My Life As A Hyphenated Person

I’ve spent my entire life with a hyphenated identity. I was born in Germany to a Pakistani mother and a Bangladeshi father. Technically Bangladesh didn’t exist when I was born. But Bengali nationalism in what was then East Pakistan was alive and kicking, strong enough to demand a country of its own until in 1971 it gained independence. And I gained a hyphenated identity. In Germany I was the “Indian”- German, then later in Bangladesh, the half-Pakistani and as an adult I am Indo-Canadian. It’s an interesting experience going through life with labels that others put on you, especially when they mean next to nothing to you. As a child growing up in Germany, I was very much aware that I was the other, simply because in small town Germany back then, ours was the only brown-skinned family. Later we moved to Bangladesh where I lived for the next seventeen years. In all that time I only knew a couple of other children whose parents were like mine, but it was not something that we talked about to each other. And although in Bangladesh my skin color was like everyone else’s, there was something intangible that separated me from them. My mother warned me not to speak Urdu in public, because Bangladesh was still nursing wounds fresh from a horrific war for independence from Pakistan. But as a child, this hatred for Pakistanis that simmered just below the surface was not within my grasp. I heard the taunts and jabs that were made at our expense, but I couldn’t understand the reasons behind them. But the feelings were the same. In Germany I was made to feel dirty because of my brown skin and in Bangladesh it was because of where my mother happened to be from. Either way it determined the way I saw myself. It took years for me to accept that none of this had anything to do with who I was. It had everything to do with the assumptions that people made about me based on my last name, my skin color, my religion. When I did realize it, I felt free. Finally, after years of carrying a burden that wasn’t mine, I was able to shed the responsibility of being acceptable. With this freedom came a brand new perspective. I realized that I didn’t necessarily embody the qualities that are automatically attributed to me.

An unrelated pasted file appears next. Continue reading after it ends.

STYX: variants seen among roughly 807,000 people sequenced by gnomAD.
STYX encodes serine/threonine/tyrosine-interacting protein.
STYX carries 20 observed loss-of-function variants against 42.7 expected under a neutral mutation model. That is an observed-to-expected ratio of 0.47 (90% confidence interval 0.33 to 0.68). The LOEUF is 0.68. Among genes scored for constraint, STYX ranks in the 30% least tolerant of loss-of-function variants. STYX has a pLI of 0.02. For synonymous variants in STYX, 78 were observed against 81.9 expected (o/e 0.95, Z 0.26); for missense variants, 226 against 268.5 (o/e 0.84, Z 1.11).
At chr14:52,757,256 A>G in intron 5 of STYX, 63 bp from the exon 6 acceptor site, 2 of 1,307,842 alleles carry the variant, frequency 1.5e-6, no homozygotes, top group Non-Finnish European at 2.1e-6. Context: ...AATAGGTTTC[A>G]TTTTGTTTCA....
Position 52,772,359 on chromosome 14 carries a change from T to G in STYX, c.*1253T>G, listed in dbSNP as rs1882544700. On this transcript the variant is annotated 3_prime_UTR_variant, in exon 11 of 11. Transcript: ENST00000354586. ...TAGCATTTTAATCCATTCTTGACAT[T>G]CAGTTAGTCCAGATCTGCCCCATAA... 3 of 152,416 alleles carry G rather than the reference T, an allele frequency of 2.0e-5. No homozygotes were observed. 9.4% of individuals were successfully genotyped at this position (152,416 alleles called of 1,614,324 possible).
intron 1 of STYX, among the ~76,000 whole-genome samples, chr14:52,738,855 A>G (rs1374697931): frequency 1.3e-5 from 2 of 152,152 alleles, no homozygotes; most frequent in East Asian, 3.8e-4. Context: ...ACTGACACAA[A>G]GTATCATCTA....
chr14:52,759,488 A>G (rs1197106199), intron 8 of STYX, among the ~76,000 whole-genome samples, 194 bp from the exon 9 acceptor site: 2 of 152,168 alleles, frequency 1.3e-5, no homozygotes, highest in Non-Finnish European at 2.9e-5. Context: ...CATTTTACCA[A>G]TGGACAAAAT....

My experiences in straddling cultures doesn’t end with me. I met and married a Hindu man from South India and as a result my children will forever be hyphenated. They will always be seen by some as half-Hindu and half-Muslim, by others as half-Bengali and half Indian, although the fact that they were born in Texas and I am not a full Bengali messes with the mathematics of their heritage. But the way I see it, the fractions add up to a whole and as long as they feel whole with themselves that’s all that matters. The rest is just semantics.

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Emotional Baggage: Carrying the Weight into Adulthood

I read an article today and it made me think about this: how much of our experiences as teenagers do we drag around with us through our adult lives? People who are bullied, emotionally and physically, often carry their scars well into adulthood. Some build a social network as adults so they feel supported, while others shy away from people they perceive to be part of a clique. How many of the choices we make as grown-ups are the result of emotional baggage from our high school years?We experience some of the most crucial turning points in our lives only after high school. Marriage, childbirth and career choice all play a major role in the kind of person we become. So, the big question is: are we doomed to be haunted by our teen angst forever or can we reinvent ourselves?